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Whale Talk Paperback – June 30, 2009
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Injustice, however, still fills him with fury. So when big-deal football star Mike Barbour bullies brain-damaged Chris Coughlin for wearing his dead brother's letter jacket, T.J. hatches a scheme for revenge. He assembles a swim team (in a school with no pool) made up of the most outrageous outsiders and misfits he can find and extracts a conditional promise of those sacred letter jackets from the coach. After weeks of dedicated practice at the All Night Fitness pool, the seven mermen get good enough not to embarrass themselves in competition. The really important thing, though, turns out to be the long bus rides to meets, a safe place to share the hurts that have made them who they are. Meanwhile, T.J.'s father, who has taken in a battered little girl to ease his lifelong guilt over his role in the accidental death of a baby, tangles with another bully--her stepfather--and his growing murderous rage.
Chris Crutcher, therapist and author of seven prize-winning young adult books, here gives his many fans another wise and compassionate story full of the intensity of athletic competition and hair-raising incidents of child abuse. (Ages 12 and older) --Patty Campbell --This text refers to the Hardcover edition.
From Publishers Weekly
Copyright 2001 Cahners Business Information, Inc.--This text refers to the Hardcover edition.
Top Customer Reviews
T.J. Jones (actual name The Tao Jones... pronounce it, I dare you) is probably one of three people of color in his small Washington town. Adopted by his parents when he was a seriously abused toddler, T.J.'s a pretty well put together kid. That's probably in no small part due to his amazing mom and dad and his fantastic (some might say godlike) child therapist, Georgia. Which isn't to say that T.J.'s life is bereft of odd problems. His favorite teacher, Simet, is trying to lure T.J. into helping him start a school swim team. There are a couple problems with this plan. For one thing, T.J. refuses to join any organized sports. Cutter High School is run by and for its jocks.Read more ›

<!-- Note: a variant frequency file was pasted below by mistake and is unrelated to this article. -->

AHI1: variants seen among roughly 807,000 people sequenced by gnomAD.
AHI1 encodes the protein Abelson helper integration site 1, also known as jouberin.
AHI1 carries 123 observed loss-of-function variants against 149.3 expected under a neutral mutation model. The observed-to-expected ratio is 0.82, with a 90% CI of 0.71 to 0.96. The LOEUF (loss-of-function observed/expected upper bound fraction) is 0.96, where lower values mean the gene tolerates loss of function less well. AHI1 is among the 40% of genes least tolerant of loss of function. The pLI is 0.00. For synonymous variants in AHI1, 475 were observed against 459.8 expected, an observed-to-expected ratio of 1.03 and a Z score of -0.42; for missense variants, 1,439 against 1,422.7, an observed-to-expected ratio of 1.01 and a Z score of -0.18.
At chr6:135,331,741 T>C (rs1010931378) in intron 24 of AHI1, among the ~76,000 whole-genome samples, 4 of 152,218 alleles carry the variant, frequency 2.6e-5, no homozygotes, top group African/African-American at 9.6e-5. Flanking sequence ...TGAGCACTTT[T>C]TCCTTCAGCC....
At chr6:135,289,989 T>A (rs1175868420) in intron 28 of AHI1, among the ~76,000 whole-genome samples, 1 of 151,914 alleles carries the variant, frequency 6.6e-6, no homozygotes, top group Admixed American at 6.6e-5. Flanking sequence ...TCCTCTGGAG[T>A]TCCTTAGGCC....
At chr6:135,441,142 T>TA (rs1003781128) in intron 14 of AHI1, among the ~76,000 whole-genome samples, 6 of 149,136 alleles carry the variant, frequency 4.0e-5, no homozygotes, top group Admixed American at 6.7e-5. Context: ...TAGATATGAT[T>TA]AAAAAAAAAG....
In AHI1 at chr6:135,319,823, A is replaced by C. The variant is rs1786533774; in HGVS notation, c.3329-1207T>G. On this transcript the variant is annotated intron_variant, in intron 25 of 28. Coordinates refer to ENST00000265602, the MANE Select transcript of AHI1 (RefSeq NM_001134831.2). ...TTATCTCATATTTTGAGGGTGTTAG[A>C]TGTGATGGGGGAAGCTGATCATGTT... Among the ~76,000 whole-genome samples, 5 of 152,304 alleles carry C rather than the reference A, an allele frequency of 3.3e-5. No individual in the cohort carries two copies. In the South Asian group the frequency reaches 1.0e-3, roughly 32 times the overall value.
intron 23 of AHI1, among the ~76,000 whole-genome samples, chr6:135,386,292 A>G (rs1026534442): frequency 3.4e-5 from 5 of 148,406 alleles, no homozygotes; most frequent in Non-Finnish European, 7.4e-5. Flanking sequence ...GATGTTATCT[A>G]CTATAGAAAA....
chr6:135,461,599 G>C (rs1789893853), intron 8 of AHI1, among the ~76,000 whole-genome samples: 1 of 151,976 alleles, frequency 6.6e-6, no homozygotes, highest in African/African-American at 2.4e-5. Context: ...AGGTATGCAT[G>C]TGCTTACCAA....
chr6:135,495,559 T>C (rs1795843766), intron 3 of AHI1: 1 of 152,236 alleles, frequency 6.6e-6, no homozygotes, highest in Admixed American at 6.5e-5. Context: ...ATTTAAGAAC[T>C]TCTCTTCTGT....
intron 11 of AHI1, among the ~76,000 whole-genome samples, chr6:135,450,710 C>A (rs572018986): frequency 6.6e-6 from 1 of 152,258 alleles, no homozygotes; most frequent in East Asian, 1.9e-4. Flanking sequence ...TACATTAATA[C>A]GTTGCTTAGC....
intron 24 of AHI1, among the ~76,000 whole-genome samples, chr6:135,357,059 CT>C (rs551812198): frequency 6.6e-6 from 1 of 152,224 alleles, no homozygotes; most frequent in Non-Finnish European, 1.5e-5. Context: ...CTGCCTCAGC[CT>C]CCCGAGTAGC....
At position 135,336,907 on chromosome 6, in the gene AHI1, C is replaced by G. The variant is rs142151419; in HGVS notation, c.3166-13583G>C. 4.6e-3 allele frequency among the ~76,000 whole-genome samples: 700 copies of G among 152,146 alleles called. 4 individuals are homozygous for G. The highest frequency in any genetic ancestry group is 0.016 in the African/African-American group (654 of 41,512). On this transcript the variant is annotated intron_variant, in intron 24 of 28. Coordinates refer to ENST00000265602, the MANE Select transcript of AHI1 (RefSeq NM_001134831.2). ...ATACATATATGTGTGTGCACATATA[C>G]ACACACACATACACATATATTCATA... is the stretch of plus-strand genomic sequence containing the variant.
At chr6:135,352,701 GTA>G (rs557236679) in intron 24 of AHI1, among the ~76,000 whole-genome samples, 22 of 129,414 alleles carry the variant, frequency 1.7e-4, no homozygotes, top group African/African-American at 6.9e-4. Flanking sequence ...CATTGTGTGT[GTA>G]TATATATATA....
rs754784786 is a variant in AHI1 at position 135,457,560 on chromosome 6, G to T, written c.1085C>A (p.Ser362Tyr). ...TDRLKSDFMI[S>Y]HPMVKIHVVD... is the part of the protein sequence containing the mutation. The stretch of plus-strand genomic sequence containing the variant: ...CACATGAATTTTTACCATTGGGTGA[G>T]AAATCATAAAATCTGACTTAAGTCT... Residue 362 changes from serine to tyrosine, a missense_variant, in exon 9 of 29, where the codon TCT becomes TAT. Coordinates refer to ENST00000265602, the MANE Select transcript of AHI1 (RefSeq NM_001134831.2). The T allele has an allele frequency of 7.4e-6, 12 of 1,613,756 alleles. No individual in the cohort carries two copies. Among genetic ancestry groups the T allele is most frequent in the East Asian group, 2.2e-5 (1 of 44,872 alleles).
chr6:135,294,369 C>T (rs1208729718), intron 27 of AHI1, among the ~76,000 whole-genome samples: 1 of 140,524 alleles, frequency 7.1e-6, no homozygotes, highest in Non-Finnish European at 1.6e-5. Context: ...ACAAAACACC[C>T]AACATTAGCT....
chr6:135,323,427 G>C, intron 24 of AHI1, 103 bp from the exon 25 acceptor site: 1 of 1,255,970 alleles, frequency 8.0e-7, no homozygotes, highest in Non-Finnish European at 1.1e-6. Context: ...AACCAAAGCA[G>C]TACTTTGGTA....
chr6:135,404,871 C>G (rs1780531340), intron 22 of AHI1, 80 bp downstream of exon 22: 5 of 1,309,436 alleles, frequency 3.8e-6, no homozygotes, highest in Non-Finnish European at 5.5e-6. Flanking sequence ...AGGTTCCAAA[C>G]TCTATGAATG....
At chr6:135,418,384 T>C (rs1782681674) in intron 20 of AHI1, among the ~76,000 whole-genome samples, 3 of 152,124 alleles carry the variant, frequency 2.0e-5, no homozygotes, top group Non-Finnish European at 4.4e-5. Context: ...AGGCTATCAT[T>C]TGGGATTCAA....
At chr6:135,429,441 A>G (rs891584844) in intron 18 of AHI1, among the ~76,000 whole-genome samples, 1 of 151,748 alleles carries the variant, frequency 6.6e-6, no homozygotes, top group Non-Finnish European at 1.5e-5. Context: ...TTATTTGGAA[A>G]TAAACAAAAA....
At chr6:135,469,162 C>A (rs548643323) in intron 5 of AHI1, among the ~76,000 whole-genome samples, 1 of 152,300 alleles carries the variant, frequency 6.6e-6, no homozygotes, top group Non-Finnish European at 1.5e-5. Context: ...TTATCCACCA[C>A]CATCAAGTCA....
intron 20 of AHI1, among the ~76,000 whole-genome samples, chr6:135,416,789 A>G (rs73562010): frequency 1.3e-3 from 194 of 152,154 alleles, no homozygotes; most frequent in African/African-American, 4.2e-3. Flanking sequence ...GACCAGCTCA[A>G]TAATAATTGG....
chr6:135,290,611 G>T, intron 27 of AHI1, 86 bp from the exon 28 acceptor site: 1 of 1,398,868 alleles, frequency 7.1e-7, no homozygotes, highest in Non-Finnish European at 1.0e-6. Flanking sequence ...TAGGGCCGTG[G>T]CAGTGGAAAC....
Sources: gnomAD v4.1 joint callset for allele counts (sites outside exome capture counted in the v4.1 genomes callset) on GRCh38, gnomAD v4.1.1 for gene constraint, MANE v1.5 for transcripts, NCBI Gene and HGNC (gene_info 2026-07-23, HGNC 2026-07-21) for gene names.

The Tao Jones is a mixed race character who is adopted from a drug-addicted mother. Tao is taken in by a truck driving dad and lawyer mother who are just about the coolest parents on earth, but they aren't without their own baggage.
Whale Talk is a masterfully woven tale that traces Tao through his struggles in a racist society that is also a little elitist. Tao, like most of Crutcher's protagonists, is a great athlete with a strange sense of humor. Tao enjoys getting even with those who single out he, or any other character in the high school that is different, by using the predators' ignorance against them.
All in all, this is an honest portrayal of a complex mix of race, family secrets and small town routines held up by the Good Ol' Boy system along with serious developmental pshychological issues.
This book will make you laugh, it will make you cry, but most importantly, it will make you examine your inner-most being in ways that will surprise you.
Chris Crutcher is the undisputed King of YA Literature, which he proves with his most powerful YA novel to date.
It's always the best books that poke their heads up over the radar, only to have them lopped off by people who just don't get it. Whale Talk is listed by the American Library Association-- the folks who put out those neat lists of books that inbred know-nothings feel the need to attack in school libraries (aka the lists of "this is what I'll read next" for thousands upon thousands of American high-school kids)-- as one of the ten most challenged books of 2005. This makes perfect sense, because Whale Talk is probably the best young adult novel I've read since I first discovered Philip Pullman's wonderful (and similarly challenged) trilogy His Dark Materials.